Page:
Katie Davis has had one of the most impressive schedules I’ve ever seen; she works 45-50 hours per week at her “9-5” and she will finish out 2019 having played 80 shows. She also has booked and promoted all of her own shows. Most of her gigs have been solo – meaning the gig was just her and either a guitar or keyboard – and you gotta know a lotta songs to play an entire show by yourself. I remember thinking earlier this year – “how on earth does she have time to do it all?” Having never seen a musician be able to handle the work/music balance as gracefully as Katie, I knew I had to have her here to talk to us. I am glad she’s taken some time out of her ambitious schedule to tell us about her story. Katie, thank you for being here and if you would, please introduce yourself to our readers.
My name is Katie Davis, and I am a vocalist, musician, and songwriter living just north of Nashville, TN.
JED: Wait so you moved out of the house in Antioch? I feel like I am just starting to remember this. Did you move to Inglewood?
I moved to Hendersonville!
JED: Oh cool! I feel like I should’ve remembered this or that you’ve already told me this like 4 times now. Anyway, tell us a little bit about your beginnings. How did you get into music, and what made you choose to pursue it?
Growing up as the littlest redhead of six kids with gold-rimmed glasses, my family sang every weekend in churches around the state of Virginia. I had no choice but to learn four part harmony and learn to sacrifice the parts of a song that I wanted to sing so someone else could have a turn. My music teacher Marianne Williams was also my choir director at church (small town perks). She started teaching me piano when I was six and eventually helped me compete in high school scholarship music competitions. My papa (my dad’s dad) played a large part in supporting my music career – even til the day he died. We sang as a family around his hospital bed.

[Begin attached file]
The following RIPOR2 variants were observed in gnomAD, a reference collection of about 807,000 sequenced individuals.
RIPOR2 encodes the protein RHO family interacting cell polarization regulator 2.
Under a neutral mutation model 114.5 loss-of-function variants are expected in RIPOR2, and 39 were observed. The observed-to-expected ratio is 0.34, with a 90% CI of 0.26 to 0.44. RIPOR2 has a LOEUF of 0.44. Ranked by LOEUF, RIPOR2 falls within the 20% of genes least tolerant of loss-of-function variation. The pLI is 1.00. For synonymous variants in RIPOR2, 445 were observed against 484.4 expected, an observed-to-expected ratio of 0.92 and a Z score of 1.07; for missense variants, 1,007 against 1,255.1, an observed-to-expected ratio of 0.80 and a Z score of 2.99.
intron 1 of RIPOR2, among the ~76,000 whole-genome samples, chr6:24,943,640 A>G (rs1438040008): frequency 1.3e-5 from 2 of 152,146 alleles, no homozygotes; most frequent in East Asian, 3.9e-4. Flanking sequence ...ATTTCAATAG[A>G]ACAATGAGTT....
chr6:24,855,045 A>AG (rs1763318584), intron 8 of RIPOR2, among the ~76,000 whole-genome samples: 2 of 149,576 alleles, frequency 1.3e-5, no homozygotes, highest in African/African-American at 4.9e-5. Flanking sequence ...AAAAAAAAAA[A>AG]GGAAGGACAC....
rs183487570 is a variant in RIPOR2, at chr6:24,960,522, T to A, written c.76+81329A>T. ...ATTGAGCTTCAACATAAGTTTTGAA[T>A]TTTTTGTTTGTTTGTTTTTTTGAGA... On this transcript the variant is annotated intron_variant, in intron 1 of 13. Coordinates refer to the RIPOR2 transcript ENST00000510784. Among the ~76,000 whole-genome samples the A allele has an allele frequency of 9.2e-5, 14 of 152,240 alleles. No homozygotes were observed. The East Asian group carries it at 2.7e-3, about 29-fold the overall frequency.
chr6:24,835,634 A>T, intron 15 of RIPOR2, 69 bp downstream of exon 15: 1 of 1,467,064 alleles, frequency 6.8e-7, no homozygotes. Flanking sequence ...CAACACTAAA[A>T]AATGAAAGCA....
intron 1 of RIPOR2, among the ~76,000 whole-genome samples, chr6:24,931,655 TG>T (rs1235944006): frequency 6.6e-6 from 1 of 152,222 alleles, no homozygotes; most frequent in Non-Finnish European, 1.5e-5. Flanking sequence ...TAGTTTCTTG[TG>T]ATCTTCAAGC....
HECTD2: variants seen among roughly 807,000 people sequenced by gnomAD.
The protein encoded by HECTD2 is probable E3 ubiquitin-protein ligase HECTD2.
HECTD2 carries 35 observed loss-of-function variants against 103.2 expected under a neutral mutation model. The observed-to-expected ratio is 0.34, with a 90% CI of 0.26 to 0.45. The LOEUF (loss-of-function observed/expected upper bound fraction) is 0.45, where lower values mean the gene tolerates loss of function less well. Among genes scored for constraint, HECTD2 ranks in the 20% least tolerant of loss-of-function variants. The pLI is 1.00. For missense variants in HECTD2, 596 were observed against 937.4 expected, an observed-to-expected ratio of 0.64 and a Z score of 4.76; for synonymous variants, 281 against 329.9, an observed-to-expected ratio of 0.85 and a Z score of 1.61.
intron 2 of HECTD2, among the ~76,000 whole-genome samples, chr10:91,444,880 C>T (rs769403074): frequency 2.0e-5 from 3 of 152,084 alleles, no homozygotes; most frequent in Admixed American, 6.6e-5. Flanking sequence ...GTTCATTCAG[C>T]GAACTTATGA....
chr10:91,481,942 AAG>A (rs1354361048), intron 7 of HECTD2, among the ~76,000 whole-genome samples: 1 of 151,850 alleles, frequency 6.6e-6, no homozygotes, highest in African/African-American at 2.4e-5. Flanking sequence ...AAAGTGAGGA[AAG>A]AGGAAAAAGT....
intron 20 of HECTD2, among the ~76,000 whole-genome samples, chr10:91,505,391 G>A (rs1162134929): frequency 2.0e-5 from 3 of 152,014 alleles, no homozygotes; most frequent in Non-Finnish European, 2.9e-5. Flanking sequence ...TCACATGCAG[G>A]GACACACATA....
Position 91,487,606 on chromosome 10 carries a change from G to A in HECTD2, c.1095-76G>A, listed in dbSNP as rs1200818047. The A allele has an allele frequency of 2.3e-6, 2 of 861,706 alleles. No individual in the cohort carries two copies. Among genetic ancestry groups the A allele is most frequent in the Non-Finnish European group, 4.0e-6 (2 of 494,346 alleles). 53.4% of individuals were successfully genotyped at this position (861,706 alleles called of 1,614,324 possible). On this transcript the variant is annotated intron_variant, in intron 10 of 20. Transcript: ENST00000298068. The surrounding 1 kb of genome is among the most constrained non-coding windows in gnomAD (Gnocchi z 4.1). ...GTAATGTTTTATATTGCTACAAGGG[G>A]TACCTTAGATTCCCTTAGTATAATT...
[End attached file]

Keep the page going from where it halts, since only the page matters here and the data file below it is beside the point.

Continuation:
JED: Tell me more about the ways he supported and encouraged you. What did that look like?
As I grew older, I needed his support. He attended as many of my shows as he could, as well as singing harmony with me every time I would visit, or I would sing with him! He also gave me many opportunities to sing at his church, and every Christmas we would sing around the tree.
I sang as the music leader at my church for about thirteen years. Once someone gave me a guitar, I knew I wanted to play other music as well, and quickly began exploring other genres.
JED: Who introduced you to the guitar? How old were you when you started playing it? When you say “other music” do you mean music that wasn’t gospel music?
My church gifted me a guitar at 14. One of my friends played, and he taught me the standard chords to get started! Other music included pop, rock, country, blues, and eventually bluegrass.
So, to answer your original question, I got into music not by choice, but I’m in Nashville pursuing a career in music by choice.
JED: What music were you most interested in before being exposed to Bluegrass music? How did you get exposed to Bluegrass music?
I was most interested in pop and showtunes. I loved the theatrics of the music, as well as how it allowed me to be a part of a different world (one very different from my childhood music), and that is when I began performing at my local theater. I met Homegrown Bluegrass at the theater as they were the live band for a Christmas show. That was my first exposure to bluegrass music – and they invited me to one of their rehearsals… the rest is history!
I have so many people to thank for encouraging me to be here, my friend Alana, my band Homegrown Bluegrass, members of my family, and more.
JED: What are your favorite 5 albums, and do they influence your work? If so, in what ways?